There is a myth that checking your credit score hurts your credit, but this is not necessarily true. When you order your credit report or if you are checking your score with a soft inquiry does not affect your credit score. However, hard inquiries, like when lenders pull your credit, will negatively impact your score. If you do have a hard pull the score does not drop for long. The consequences are not that great especially if the requests are made during a specific time frame as in 30 days, or within a short amount of time.
5. Your credit score is based on five important factors.
You will need to know the five factors that have an impact on your FICO score. Each of the factors represents varying percentages of your credit score. You want to remember these factors when managing your credit. As an example, there is a popular belief that carrying a balance will improve your credit score. It can actually damage your score and increase your debt. You can review these five factors that impact your score below.
- 35% – Payment History. You mush show your ability to consistently make payments. This has the biggest impact on your score. Making late or missing payments will be the most detrimental thing you can do to your credit score.
- 30% – Credit Utilization. You do not want to have your balance exceed 30% of your credit limit. Credit utilization is determined by the amount of credit you’re using compared to the total credit line you have available. The lower your balance vs your limit, preferably below 30%, the better your score. Keeping your balance below 10% is even better.
- 15% – Length of Credit History. The longer your good credit history is the better picture it gives the reporting bureaus of financial habits. transactions. Your past behavior allows them to predict your future behavior and how you will handle your credit. This helps lenders to determine your potential risk.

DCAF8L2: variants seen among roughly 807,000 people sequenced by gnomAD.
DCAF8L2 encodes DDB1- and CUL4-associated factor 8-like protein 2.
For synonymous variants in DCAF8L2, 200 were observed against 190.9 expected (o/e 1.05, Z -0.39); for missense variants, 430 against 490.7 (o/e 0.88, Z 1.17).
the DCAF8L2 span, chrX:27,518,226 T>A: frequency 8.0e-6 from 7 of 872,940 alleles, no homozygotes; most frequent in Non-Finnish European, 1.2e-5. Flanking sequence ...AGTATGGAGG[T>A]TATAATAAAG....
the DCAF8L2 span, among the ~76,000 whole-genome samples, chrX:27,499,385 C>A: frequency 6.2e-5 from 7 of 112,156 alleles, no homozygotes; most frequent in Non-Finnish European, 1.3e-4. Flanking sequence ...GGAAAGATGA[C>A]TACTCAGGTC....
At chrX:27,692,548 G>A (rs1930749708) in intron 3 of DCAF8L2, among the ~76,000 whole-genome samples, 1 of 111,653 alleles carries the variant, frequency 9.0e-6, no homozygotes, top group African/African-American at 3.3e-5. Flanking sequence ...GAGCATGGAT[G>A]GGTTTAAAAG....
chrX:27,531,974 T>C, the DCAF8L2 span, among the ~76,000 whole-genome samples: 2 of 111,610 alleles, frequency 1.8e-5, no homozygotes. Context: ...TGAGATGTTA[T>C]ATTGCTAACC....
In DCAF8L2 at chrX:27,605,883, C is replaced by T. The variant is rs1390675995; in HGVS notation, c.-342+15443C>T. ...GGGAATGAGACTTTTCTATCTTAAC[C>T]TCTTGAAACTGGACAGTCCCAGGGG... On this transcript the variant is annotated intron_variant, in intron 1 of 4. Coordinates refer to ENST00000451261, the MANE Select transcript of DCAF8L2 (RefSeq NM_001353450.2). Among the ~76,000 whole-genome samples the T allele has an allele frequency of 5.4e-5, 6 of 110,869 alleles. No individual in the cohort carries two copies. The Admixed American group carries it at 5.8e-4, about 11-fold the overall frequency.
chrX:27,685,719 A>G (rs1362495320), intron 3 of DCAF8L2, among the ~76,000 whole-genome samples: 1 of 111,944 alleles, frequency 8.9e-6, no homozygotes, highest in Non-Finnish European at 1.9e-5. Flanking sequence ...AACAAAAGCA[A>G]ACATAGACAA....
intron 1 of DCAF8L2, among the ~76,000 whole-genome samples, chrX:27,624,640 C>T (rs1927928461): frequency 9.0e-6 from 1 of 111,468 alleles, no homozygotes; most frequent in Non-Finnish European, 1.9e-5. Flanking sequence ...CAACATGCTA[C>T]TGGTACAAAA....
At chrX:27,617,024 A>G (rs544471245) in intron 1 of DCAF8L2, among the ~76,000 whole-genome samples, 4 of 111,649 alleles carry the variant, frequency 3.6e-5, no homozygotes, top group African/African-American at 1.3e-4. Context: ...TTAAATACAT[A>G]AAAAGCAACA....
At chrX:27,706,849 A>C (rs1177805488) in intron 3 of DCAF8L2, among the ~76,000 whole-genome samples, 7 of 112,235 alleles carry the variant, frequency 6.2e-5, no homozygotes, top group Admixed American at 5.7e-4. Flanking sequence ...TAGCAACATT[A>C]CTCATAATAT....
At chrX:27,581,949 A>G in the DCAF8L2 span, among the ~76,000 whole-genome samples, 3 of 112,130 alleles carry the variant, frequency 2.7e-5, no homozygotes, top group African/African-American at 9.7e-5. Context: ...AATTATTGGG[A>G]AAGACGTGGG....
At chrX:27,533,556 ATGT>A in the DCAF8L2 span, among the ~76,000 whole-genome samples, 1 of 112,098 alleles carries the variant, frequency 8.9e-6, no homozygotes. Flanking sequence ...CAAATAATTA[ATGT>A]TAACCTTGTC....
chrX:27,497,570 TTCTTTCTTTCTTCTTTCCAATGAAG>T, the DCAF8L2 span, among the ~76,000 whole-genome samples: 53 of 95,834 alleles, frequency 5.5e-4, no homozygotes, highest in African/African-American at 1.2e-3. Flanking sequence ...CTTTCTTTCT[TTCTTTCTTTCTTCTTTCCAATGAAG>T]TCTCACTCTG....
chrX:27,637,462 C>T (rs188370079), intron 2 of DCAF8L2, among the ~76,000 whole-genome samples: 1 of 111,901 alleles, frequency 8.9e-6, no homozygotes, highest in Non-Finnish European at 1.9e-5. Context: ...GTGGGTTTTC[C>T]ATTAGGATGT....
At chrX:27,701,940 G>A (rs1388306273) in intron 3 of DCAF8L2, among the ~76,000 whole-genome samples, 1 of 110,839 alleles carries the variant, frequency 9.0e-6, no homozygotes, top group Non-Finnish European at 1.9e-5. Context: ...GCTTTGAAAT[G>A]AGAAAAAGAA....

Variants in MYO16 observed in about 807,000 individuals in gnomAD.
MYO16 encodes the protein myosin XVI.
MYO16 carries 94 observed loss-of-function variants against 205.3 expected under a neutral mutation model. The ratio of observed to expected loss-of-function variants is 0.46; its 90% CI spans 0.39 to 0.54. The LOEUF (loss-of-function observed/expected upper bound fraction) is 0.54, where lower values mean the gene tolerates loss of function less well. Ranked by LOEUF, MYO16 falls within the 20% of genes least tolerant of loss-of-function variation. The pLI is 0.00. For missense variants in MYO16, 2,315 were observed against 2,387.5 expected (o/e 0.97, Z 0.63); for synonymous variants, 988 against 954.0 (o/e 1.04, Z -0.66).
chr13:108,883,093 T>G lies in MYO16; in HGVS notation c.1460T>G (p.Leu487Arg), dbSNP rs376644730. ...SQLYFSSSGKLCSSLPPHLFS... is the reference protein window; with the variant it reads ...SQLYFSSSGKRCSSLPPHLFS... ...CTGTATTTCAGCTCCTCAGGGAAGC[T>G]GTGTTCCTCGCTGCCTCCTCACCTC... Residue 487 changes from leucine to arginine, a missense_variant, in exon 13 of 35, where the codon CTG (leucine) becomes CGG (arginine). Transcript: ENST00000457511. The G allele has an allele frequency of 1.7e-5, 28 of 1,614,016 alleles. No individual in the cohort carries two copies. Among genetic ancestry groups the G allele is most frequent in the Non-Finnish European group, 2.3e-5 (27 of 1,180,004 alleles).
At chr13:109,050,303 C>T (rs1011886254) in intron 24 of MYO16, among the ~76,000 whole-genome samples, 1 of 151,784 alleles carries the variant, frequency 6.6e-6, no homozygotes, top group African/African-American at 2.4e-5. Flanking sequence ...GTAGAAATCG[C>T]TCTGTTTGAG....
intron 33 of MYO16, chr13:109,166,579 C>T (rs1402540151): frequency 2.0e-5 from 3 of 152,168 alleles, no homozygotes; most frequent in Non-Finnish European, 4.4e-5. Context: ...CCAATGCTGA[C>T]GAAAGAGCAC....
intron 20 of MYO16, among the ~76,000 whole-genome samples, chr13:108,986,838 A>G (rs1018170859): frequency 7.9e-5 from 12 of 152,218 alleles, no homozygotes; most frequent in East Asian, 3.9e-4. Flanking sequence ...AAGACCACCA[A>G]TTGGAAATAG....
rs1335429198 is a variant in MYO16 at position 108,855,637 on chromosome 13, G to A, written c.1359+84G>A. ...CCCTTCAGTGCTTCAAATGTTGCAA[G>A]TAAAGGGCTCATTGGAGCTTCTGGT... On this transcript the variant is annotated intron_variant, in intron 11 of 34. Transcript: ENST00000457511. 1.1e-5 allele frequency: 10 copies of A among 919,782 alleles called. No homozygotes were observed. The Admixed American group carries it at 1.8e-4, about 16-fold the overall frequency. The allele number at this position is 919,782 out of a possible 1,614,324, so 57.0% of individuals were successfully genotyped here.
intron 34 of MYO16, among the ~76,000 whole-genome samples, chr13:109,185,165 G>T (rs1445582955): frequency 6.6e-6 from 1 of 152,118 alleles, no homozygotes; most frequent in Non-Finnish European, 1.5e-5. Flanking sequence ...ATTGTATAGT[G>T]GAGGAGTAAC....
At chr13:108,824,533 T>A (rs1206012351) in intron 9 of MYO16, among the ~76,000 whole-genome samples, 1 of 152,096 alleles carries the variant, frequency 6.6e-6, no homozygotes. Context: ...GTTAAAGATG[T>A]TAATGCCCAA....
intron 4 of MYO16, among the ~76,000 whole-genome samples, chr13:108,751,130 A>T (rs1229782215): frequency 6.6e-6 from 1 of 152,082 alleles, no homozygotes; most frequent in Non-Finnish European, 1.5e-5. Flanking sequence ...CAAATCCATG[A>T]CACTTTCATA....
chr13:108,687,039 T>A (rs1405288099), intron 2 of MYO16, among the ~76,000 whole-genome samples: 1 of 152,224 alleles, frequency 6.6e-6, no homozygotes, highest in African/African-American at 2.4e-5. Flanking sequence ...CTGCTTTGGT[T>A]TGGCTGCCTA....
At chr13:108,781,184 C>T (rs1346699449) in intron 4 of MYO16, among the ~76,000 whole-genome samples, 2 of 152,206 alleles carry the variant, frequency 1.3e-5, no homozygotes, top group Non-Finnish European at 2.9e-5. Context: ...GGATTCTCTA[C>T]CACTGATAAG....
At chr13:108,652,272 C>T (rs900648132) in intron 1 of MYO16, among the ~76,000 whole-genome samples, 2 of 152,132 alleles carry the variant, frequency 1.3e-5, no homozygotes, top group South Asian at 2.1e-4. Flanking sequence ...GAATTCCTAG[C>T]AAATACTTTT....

- 10% – Inquiries and New Credit. Having a large number of lender inquiries to review your credit report can affect your score negatively as well. Inquiries made during a short amount of time are generally less harmful since the credit bureaus understand you may be shopping for a loan like when you are looking to make a large purchase like a car.
- 10% – Diversification of Credit. Lastly, multiple types of credit lines make up the last area that impacts your score. You want to show lenders you can responsibly handle different types of available credit.
These are the five categories of information that your credit score is based on. Equally improving each of these categories will boost your credit score.
6. Credit repair is not just about raising your credit score.
When you’re repairing your credit, you may watch for your credit score to go up. But credit repair is about improving the information on your credit report, not your score. This is what actually influences whether you have good or bad credit and is the foundation of your credit score.
Checking your credit report is the first thing you should do when you’re ready to start working on your credit so you can see the information that’s hurting your credit. You can get a free copy of your credit report once a year from each of the major credit bureaus — Equifax, Experian, and TransUnion — by visiting www.annualcreditreport.com.
7. The majority of lenders use FICO Credit scores not VantageScore
Bill Fair and Earl Isaac founded the FICO credit scoring system in 1956 as a way to help lenders understand their risk and make well-informed lending decisions. FICO analyzes scores from the three major bureaus: TransUnion, Equifax and Experian.